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Programming

HTML Async and Defer Attributes

So after a long night of testing the async and defer attributes the result is entirely disappointing. So first up, what are they and what are they for?

The “async” attribute is new in HTML5 and tells browsers to load scripts without delaying the parser that displays the page. The scripts start to download straight away, but unlike a normal script include, the rest of the page just carries on. When the script loads, it then executes. If you have multiple scripts on the page, each one will execute as it loads, which means you can’t guarantee what order things will run in. The idea behind this attribute is that if you include a third party script that works in isolation, you can avoid waiting for it.

The “defer” attribute has been around for a bit longer and provides a hint to browsers that they don’t have to wait for the script to render the page. Unlike async, the scripts run in the correct order.

Before you dash off and start adding async and defer attributes all over the place, though, let’s just run over the testing I have performed.

The advice for quite some time has been to include your scripts at the bottom of your web page. This is because the HTTP/1.1 specification recommends that browsers only download 2 concurrent components from a single host. If the browser follows this specification to the letter, your page will appear to load slowly, because the visible elements on the page are queued behind the non-visible JavaScript and CSS files that are being downloaded. By including your JavaScript files at the bottom of the page, you allow the visible elements to be loaded before the JavaScript, which makes the page appear to load much faster.

The only times you ignore this advice is if you need the JavaScript to execute in order for the page to work. For example, the HTML5 shim needs to be included before your CSS in order for older versions of Internet Explorer to recognise the new HTML5 elements. Another example is where you are recording web stats via JavaScript and want to capture stats even if a page is abandoned before it loads – which means you need to put the statistics script near the top of the document.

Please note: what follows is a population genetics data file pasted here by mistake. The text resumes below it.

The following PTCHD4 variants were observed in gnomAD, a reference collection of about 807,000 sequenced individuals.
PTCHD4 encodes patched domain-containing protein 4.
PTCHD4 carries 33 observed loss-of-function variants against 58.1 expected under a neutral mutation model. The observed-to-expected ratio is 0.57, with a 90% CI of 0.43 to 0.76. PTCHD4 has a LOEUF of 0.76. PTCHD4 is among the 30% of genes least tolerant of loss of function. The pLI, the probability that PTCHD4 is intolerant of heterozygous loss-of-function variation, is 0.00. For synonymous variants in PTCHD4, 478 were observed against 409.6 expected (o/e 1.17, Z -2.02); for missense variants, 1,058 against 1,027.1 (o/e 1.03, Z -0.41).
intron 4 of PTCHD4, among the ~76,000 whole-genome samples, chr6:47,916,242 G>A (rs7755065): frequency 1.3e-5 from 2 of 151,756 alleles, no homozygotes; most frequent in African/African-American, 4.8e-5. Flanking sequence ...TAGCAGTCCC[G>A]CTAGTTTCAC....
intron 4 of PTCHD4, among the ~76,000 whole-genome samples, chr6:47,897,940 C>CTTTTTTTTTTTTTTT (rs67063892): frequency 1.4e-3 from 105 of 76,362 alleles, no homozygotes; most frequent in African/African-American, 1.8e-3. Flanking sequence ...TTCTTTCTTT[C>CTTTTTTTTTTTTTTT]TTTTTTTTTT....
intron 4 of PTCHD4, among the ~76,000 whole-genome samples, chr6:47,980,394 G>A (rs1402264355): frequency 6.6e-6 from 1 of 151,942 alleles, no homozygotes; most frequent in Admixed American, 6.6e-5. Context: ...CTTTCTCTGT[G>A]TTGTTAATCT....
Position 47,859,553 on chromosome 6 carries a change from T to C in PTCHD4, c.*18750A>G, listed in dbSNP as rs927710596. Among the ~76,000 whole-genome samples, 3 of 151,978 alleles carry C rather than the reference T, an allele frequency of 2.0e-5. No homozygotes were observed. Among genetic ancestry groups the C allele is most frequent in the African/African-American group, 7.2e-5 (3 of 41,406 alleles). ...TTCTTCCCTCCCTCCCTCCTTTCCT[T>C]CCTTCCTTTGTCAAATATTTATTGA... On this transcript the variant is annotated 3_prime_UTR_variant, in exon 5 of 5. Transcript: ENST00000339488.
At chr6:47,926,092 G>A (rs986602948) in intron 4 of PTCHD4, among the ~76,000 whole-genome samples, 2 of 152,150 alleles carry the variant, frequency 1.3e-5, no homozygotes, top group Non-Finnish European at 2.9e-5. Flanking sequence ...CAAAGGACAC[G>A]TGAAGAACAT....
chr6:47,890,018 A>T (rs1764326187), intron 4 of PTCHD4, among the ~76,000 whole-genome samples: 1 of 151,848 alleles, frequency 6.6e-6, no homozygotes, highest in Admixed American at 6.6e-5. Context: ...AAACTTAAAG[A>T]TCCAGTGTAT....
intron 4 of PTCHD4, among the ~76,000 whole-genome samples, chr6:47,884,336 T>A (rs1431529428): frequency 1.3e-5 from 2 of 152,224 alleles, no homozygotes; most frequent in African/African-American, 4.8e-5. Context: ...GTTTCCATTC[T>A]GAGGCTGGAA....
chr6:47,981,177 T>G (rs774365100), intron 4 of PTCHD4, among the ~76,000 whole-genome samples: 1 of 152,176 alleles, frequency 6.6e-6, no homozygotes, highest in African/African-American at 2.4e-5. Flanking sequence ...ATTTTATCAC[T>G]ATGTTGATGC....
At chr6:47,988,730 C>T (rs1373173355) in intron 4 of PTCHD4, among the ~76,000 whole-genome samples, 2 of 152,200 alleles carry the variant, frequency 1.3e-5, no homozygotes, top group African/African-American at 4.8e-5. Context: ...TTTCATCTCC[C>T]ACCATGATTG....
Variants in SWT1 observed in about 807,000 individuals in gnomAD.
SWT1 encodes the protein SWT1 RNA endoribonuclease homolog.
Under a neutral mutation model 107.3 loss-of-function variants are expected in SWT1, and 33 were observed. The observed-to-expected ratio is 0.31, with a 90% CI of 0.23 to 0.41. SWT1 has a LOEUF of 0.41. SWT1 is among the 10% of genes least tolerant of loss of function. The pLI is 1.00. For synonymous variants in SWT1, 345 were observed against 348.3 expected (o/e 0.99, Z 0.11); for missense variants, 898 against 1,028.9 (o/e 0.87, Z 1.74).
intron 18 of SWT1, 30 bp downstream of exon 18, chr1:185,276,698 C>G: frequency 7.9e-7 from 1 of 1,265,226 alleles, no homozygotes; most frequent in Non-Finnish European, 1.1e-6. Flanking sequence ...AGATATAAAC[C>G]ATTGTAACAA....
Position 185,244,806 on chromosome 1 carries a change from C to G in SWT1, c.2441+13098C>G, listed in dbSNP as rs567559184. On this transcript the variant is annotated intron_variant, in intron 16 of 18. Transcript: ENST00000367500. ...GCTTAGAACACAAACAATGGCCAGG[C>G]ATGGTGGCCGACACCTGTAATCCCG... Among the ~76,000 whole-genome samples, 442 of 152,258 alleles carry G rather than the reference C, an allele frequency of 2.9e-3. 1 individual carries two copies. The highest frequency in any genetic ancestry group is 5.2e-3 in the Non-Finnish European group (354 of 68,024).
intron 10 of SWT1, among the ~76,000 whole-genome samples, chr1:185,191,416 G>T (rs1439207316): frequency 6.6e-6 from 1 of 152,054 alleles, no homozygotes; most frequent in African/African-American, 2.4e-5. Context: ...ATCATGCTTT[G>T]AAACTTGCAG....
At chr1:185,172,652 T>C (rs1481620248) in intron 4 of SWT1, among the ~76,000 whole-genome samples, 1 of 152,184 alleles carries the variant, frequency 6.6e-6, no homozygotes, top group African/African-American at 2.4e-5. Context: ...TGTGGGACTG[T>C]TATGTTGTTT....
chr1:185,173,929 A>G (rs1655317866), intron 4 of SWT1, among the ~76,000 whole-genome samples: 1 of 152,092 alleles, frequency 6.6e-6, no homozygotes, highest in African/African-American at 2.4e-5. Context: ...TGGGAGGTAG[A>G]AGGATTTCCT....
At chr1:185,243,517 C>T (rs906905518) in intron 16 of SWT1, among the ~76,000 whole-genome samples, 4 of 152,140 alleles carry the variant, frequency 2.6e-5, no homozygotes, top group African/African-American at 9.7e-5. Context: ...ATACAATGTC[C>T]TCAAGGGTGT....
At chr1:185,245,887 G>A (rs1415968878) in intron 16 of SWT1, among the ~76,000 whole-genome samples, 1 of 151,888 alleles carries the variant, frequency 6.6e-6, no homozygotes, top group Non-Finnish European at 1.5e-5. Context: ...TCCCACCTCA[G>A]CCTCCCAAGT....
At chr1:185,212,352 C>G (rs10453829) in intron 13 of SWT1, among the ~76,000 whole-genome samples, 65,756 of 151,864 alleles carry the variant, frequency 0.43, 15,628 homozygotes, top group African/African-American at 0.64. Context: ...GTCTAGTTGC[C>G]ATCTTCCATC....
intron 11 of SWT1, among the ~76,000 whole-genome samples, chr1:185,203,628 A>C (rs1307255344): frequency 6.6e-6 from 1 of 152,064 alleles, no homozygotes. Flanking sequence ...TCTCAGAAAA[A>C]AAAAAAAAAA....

So if you have followed this advice, you won’t actually see any benefit when you add async or defer attributes. In fact, you might add complication to your web page that you don’t need. I tested examples of pages with the attributes many times and used the average speeds as recorded by development tools and the difference was marginal at best – even when loading in several scripts, including third-party scripts.

Visually, the pages loaded fast in all three scenarios (no attributes, defer and async). The DOM ready times were almost identical as were the onload times. The total page load times showed the biggest difference, with defer loading faster than the control page and async faster than defer – the speed increase seemingly coming from more concurrent downloads. The cost of this speed improvement, though, is complexity.

For example, if you use jQuery, you will need to replace your document ready set-up with a function that you call when the script is loaded. If you have a script that relies on another file, you probably can’t use async.

It seems like you are much better off following the good practices of combining scripts, minifying them and putting them at the end of your page. If anyone has some good real world examples of async and defer in action, please let me know.